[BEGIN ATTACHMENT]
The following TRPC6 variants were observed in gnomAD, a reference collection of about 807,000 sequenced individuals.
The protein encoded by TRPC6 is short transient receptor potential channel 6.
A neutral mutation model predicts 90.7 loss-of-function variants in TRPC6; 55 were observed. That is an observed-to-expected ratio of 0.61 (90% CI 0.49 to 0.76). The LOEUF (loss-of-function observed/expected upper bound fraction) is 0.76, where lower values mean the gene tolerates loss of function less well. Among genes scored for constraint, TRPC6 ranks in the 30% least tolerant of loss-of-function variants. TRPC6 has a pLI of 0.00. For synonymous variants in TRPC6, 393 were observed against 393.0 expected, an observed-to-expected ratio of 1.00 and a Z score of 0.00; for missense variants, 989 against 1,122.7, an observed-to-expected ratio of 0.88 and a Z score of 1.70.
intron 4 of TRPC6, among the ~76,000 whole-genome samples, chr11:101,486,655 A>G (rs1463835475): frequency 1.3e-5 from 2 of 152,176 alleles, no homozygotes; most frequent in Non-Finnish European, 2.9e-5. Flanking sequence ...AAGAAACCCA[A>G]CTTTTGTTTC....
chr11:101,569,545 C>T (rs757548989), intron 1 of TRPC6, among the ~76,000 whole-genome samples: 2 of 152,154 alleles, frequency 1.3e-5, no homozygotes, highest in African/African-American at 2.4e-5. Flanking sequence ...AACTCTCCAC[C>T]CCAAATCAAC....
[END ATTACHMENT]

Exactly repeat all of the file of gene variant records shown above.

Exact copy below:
The following TRPC6 variants were observed in gnomAD, a reference collection of about 807,000 sequenced individuals.
The protein encoded by TRPC6 is short transient receptor potential channel 6.
A neutral mutation model predicts 90.7 loss-of-function variants in TRPC6; 55 were observed. That is an observed-to-expected ratio of 0.61 (90% CI 0.49 to 0.76). The LOEUF (loss-of-function observed/expected upper bound fraction) is 0.76, where lower values mean the gene tolerates loss of function less well. Among genes scored for constraint, TRPC6 ranks in the 30% least tolerant of loss-of-function variants. TRPC6 has a pLI of 0.00. For synonymous variants in TRPC6, 393 were observed against 393.0 expected, an observed-to-expected ratio of 1.00 and a Z score of 0.00; for missense variants, 989 against 1,122.7, an observed-to-expected ratio of 0.88 and a Z score of 1.70.
intron 4 of TRPC6, among the ~76,000 whole-genome samples, chr11:101,486,655 A>G (rs1463835475): frequency 1.3e-5 from 2 of 152,176 alleles, no homozygotes; most frequent in Non-Finnish European, 2.9e-5. Flanking sequence ...AAGAAACCCA[A>G]CTTTTGTTTC....
chr11:101,569,545 C>T (rs757548989), intron 1 of TRPC6, among the ~76,000 whole-genome samples: 2 of 152,154 alleles, frequency 1.3e-5, no homozygotes, highest in African/African-American at 2.4e-5. Flanking sequence ...AACTCTCCAC[C>T]CCAAATCAAC....